DD7 has anxiety.  So do I.  I honestly don't know if it's harder having anxiety or dealing with your kid having it. I'm DDs only safe person currently, she won't speak to anyone else, begs me not to tell her dad what she's upset about.  Aaves her worst behavior for me. I've spent way too many mornings were I was completely rung out by the end of the school run.  Once at school she internalises it all.  As well as the generalised anxiety she has separation anxiety from me specifically.  It's ****ing hard.  I've had social anxiety and GAD for a long time, but dealing with it as a parent is so different I'm pretty much starting from scratch. I wish I had something more than commiserations. But between DS1 needs, DDs anxiety and a 3 year old terror I feel I'm floundering in the dark.  I think if you can afford it and fit it in counselling is worth a shot.  Otherwise I expect theres a support group for parents of kids with anxiety on fb.  Again I've found FB groups hit and miss, but if you use FB it might be worth a try.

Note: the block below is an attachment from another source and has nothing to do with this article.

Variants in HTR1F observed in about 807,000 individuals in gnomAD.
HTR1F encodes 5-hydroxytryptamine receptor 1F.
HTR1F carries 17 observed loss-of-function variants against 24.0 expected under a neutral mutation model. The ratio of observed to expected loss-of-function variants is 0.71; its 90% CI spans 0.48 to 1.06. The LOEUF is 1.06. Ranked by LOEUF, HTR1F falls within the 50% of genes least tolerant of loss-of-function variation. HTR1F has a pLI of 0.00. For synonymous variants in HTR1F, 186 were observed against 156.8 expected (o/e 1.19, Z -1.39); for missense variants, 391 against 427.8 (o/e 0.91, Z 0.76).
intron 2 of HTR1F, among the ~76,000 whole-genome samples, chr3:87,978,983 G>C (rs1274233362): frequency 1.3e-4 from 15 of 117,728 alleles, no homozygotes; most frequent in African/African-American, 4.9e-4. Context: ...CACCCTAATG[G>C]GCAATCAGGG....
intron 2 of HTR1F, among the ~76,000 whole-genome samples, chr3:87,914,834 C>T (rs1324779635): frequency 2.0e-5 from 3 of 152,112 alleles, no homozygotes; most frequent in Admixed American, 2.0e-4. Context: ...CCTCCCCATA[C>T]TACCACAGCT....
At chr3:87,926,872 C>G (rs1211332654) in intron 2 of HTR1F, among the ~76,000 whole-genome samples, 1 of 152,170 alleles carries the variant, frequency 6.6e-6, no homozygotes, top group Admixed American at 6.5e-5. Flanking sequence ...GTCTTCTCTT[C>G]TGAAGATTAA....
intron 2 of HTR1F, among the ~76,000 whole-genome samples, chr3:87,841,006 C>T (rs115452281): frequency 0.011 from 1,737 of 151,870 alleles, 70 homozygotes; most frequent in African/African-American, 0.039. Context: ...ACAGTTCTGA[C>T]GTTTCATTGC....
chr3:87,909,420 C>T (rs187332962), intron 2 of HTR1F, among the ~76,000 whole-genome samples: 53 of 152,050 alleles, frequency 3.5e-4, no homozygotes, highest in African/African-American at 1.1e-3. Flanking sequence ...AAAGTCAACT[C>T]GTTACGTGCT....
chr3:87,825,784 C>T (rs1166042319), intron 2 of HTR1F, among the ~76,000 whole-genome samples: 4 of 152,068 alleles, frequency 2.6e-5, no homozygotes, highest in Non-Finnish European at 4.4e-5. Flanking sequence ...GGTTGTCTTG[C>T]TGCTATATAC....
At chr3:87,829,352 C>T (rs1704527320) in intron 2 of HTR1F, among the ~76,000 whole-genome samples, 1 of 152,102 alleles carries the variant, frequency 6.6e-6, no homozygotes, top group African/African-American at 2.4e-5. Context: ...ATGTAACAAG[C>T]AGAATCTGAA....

#10 Julie3Girls

Posted 19 January 2020 - 07:41 PM

It’s awful.

As a parent, you feel so helpless to help them.
I’ve got anxiety as well, and my daughter and I trigger each other.
DD1 is very in tune with me, tends to pick up on my anxieties. And has done from a very young age (now 18).
We’ve had a couple of really rough years through high school and both of us ended up on meds. Which helped in a big way.  I was in a much better place to support her, and she wasn’t picking up on so many vibes from me.